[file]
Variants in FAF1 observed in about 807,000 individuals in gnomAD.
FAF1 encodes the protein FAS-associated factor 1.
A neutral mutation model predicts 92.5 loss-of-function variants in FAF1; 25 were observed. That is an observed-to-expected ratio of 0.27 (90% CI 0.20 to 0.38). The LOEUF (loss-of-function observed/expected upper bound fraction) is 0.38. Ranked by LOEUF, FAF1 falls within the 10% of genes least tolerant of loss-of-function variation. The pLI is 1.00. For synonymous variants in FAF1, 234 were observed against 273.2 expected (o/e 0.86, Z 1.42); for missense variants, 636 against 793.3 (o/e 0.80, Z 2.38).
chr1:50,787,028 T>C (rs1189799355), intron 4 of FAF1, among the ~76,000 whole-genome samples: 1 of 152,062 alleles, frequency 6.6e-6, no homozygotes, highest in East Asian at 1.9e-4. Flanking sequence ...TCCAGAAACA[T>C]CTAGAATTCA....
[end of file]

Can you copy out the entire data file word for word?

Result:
Variants in FAF1 observed in about 807,000 individuals in gnomAD.
FAF1 encodes the protein FAS-associated factor 1.
A neutral mutation model predicts 92.5 loss-of-function variants in FAF1; 25 were observed. That is an observed-to-expected ratio of 0.27 (90% CI 0.20 to 0.38). The LOEUF (loss-of-function observed/expected upper bound fraction) is 0.38. Ranked by LOEUF, FAF1 falls within the 10% of genes least tolerant of loss-of-function variation. The pLI is 1.00. For synonymous variants in FAF1, 234 were observed against 273.2 expected (o/e 0.86, Z 1.42); for missense variants, 636 against 793.3 (o/e 0.80, Z 2.38).
chr1:50,787,028 T>C (rs1189799355), intron 4 of FAF1, among the ~76,000 whole-genome samples: 1 of 152,062 alleles, frequency 6.6e-6, no homozygotes, highest in East Asian at 1.9e-4. Flanking sequence ...TCCAGAAACA[T>C]CTAGAATTCA....